Leaders who embrace Otherliness will find the guiding words of grace, peace, forgiveness and acceptance valuable mantras when redirecting the passion of volunteers. Seeing through the lens created by these four words helps leaders put the work of volunteers in a light-filled context. Leaders see even more of the good when the path of Otherliness is chosen.
Grace is defined as the love and mercy offered to others because we desire for them to have it, not because of anything they have done to earn it. Leaders can choose to apply grace. Volunteer Coordinator Jeanne from Texas notes:
“It's tough when you have to let go of a volunteer. On one hand, you are so grateful someone chose to give their spare time to help your organization. But when their help is no longer helpful, they need to be . . . let's call it redirected. Obviously, they are there for a reason.
They chose your organization, and their passion to help should be acknowledged.”
Show compassion, kindness and care to others not because the volunteer has earned it, but because of the leader’s desire for them to have it. Offer grace freely to volunteers—to the high performers and to those who require additional support.
Peace is described as harmony created by an absence of conflict, hostility and retribution; quiet tranquility caused by an absence of disturbance. Peace is also a choice. Some leaders are prone to confront every minor situation with the goal of making it better. Sometimes, peace is the more favorable option. Assume good intent on the part of others. Choosing to not say something allows the leader to pick their battles. Not every hill has to be died upon.
Forgiveness is best defined as an intentional, voluntary change of feelings regarding an offense. A Missouri Volunteer Coordinator shares her take on a volunteer situation:
“I just had an e-mail regarding a volunteer who left in a snit about eight months ago and now wants back. Basing her future performance on past behavior, I am going to have to say no. Volunteers are ambassadors for this organization. By refusing to listen to staff and complaining in front of other patrons, she abused her position. Her duties have been taken over by someone else. She is no longer needed in that capacity.”
In the world of paid professionals, “the best predictor of future performance is past performance” is a commonly held belief. The truth in the ideology of human behavior is indisputable . . . to a point. But what about a person’s capacity to change? Bill Treasurer, the author of the book Leaders Open Doors, calls this strategic forgiveness:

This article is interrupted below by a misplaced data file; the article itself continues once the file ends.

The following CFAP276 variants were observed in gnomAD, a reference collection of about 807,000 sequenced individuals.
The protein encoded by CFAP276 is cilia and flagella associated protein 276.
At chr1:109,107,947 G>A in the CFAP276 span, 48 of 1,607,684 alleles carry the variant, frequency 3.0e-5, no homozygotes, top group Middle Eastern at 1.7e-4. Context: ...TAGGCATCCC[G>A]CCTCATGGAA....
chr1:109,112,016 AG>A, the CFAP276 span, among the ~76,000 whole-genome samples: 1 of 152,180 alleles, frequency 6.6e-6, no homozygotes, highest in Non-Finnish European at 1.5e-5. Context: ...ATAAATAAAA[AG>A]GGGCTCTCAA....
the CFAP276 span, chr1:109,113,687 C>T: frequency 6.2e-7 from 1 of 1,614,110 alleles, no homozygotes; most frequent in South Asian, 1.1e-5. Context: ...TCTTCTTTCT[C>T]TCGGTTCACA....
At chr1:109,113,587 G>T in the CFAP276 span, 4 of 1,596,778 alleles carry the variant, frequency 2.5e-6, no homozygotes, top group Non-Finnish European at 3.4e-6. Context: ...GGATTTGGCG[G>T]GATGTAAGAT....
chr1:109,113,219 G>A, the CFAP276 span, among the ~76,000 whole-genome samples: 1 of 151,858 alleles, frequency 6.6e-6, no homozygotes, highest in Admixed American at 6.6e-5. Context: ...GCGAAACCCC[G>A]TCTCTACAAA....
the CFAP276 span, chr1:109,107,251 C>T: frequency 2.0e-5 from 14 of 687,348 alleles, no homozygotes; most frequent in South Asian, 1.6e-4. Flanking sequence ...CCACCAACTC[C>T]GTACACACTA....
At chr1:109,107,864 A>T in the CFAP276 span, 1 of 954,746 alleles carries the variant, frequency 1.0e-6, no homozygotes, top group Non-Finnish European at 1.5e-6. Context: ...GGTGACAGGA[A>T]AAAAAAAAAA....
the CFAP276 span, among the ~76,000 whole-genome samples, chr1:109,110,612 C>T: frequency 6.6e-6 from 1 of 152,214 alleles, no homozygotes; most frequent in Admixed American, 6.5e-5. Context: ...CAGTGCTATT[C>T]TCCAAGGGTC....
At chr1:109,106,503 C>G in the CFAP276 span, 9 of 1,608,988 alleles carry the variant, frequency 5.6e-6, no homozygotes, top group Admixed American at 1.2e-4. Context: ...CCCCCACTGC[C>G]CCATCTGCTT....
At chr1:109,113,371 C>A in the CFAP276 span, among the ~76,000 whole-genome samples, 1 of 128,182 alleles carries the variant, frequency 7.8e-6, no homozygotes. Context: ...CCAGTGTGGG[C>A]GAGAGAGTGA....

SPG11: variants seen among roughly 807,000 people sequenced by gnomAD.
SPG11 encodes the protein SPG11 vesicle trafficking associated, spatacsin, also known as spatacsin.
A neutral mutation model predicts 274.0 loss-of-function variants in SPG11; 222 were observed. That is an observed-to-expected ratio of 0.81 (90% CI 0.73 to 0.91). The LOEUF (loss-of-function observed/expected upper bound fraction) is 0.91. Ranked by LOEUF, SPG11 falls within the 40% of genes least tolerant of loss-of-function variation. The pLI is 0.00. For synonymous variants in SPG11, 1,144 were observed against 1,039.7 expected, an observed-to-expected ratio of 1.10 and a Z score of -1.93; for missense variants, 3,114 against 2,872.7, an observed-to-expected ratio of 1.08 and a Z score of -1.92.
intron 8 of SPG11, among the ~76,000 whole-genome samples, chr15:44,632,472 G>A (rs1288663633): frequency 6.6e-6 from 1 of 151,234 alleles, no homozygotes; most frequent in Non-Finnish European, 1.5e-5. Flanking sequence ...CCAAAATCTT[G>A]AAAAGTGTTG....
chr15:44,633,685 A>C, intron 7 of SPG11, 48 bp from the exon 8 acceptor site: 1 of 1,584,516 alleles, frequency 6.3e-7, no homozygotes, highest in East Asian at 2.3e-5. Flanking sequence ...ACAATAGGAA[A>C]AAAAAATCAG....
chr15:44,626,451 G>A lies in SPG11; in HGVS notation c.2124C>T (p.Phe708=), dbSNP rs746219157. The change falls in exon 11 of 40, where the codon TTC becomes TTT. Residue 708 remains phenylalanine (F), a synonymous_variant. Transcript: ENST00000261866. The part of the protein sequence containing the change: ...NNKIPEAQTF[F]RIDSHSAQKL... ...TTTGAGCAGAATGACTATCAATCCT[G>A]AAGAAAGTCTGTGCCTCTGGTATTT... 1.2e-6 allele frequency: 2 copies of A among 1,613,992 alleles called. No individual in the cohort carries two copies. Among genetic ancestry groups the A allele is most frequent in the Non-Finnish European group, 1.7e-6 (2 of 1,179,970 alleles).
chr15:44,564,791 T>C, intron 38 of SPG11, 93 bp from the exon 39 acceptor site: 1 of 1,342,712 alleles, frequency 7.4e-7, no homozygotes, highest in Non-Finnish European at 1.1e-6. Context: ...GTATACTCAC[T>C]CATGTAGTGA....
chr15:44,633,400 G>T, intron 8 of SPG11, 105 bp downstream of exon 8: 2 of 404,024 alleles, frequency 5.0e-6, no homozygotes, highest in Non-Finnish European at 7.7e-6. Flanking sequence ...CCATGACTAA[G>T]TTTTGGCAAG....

“The essence of a second chance is strategic forgiveness. This is not the forgiveness in the spiritual sense; it is the forgiveness of an opportunistic nature. It is the kind of forgiveness that, after weighing all the factors and grievances, recognizes that the person who gets a second chance often becomes deeply loyal and committed to walking on a nobler path. By giving someone a second chance, an open-door leader creates the opportunity for a conversion experience, allowing for healthier and more productive choices. There is a risk of getting burned by giving a second chance, but the opportunities outweigh the risk if you successfully convert someone from destructive behavior to constructive behavior.”
People can change if others around them allow the space and support they require to grow from the mistakes of their past. By being forgiving, a leader can demonstrably be the one who shows faith in a volunteer as they adopt new and better ways in the future. This trust may be repaid by the volunteer’s heightened performance and dedication to the cause.
Acceptance is an assent to the reality of a situation without attempt to change it. Sometimes it is what it is. Leaders can acknowledge the wabi-sabi-esque existence that volunteer work sometimes yields—leaders can choose to embrace in a Zen-like way volunteer effort that is imperfect, impermanent and incomplete. Leaders accept with gratitude the gifts that are offered. Volunteerism should be less about immaculate work and more about results that make an impact. What comes from the head, heart and hands of a volunteer is about progress, not perfection.
Otherliness leaders begin by looking within. They ask themselves the question “What more can I do to support those around me as they seek fulfillment through volunteer service?” A healthy dose of grace, peace, forgiveness and acceptance keeps the leader centered on the most important thing—others.
guiding leaders of volunteers to feed the passion of those who choose to serve